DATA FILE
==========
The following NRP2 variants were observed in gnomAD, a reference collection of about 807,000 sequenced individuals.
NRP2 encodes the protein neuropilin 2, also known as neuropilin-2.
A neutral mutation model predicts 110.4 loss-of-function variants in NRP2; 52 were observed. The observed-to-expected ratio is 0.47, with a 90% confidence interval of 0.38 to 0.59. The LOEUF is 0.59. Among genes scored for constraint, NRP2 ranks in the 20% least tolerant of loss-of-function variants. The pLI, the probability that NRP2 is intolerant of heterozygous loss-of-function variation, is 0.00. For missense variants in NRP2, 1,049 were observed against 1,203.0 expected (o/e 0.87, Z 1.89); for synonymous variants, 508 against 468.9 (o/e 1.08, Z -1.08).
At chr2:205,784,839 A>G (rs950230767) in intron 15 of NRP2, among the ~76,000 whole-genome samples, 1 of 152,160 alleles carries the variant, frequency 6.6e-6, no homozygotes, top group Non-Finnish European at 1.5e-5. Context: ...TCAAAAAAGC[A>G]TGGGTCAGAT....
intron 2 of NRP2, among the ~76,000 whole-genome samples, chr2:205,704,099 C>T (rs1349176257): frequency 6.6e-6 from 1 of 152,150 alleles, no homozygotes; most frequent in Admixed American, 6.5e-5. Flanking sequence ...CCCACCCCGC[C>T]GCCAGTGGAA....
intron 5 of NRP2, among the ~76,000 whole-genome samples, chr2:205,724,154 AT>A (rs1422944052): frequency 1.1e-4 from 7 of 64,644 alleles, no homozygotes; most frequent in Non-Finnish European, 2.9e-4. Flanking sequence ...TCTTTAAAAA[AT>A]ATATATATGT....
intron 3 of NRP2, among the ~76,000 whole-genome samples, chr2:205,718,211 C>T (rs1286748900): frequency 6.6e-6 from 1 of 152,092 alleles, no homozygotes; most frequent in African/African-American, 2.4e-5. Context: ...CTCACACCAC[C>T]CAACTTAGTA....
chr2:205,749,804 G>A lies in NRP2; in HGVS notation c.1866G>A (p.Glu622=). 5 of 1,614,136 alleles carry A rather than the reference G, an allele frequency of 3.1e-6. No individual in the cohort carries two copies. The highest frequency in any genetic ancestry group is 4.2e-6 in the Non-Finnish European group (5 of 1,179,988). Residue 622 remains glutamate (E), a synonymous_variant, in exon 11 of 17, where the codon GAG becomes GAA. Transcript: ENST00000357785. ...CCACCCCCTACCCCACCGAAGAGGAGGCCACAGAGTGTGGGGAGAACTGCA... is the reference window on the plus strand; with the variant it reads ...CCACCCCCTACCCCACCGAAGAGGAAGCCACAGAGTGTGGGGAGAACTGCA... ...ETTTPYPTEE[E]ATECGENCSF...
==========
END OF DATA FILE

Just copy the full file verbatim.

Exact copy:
The following NRP2 variants were observed in gnomAD, a reference collection of about 807,000 sequenced individuals.
NRP2 encodes the protein neuropilin 2, also known as neuropilin-2.
A neutral mutation model predicts 110.4 loss-of-function variants in NRP2; 52 were observed. The observed-to-expected ratio is 0.47, with a 90% confidence interval of 0.38 to 0.59. The LOEUF is 0.59. Among genes scored for constraint, NRP2 ranks in the 20% least tolerant of loss-of-function variants. The pLI, the probability that NRP2 is intolerant of heterozygous loss-of-function variation, is 0.00. For missense variants in NRP2, 1,049 were observed against 1,203.0 expected (o/e 0.87, Z 1.89); for synonymous variants, 508 against 468.9 (o/e 1.08, Z -1.08).
At chr2:205,784,839 A>G (rs950230767) in intron 15 of NRP2, among the ~76,000 whole-genome samples, 1 of 152,160 alleles carries the variant, frequency 6.6e-6, no homozygotes, top group Non-Finnish European at 1.5e-5. Context: ...TCAAAAAAGC[A>G]TGGGTCAGAT....
intron 2 of NRP2, among the ~76,000 whole-genome samples, chr2:205,704,099 C>T (rs1349176257): frequency 6.6e-6 from 1 of 152,150 alleles, no homozygotes; most frequent in Admixed American, 6.5e-5. Flanking sequence ...CCCACCCCGC[C>T]GCCAGTGGAA....
intron 5 of NRP2, among the ~76,000 whole-genome samples, chr2:205,724,154 AT>A (rs1422944052): frequency 1.1e-4 from 7 of 64,644 alleles, no homozygotes; most frequent in Non-Finnish European, 2.9e-4. Flanking sequence ...TCTTTAAAAA[AT>A]ATATATATGT....
intron 3 of NRP2, among the ~76,000 whole-genome samples, chr2:205,718,211 C>T (rs1286748900): frequency 6.6e-6 from 1 of 152,092 alleles, no homozygotes; most frequent in African/African-American, 2.4e-5. Context: ...CTCACACCAC[C>T]CAACTTAGTA....
chr2:205,749,804 G>A lies in NRP2; in HGVS notation c.1866G>A (p.Glu622=). 5 of 1,614,136 alleles carry A rather than the reference G, an allele frequency of 3.1e-6. No individual in the cohort carries two copies. The highest frequency in any genetic ancestry group is 4.2e-6 in the Non-Finnish European group (5 of 1,179,988). Residue 622 remains glutamate (E), a synonymous_variant, in exon 11 of 17, where the codon GAG becomes GAA. Transcript: ENST00000357785. ...CCACCCCCTACCCCACCGAAGAGGAGGCCACAGAGTGTGGGGAGAACTGCA... is the reference window on the plus strand; with the variant it reads ...CCACCCCCTACCCCACCGAAGAGGAAGCCACAGAGTGTGGGGAGAACTGCA... ...ETTTPYPTEE[E]ATECGENCSF...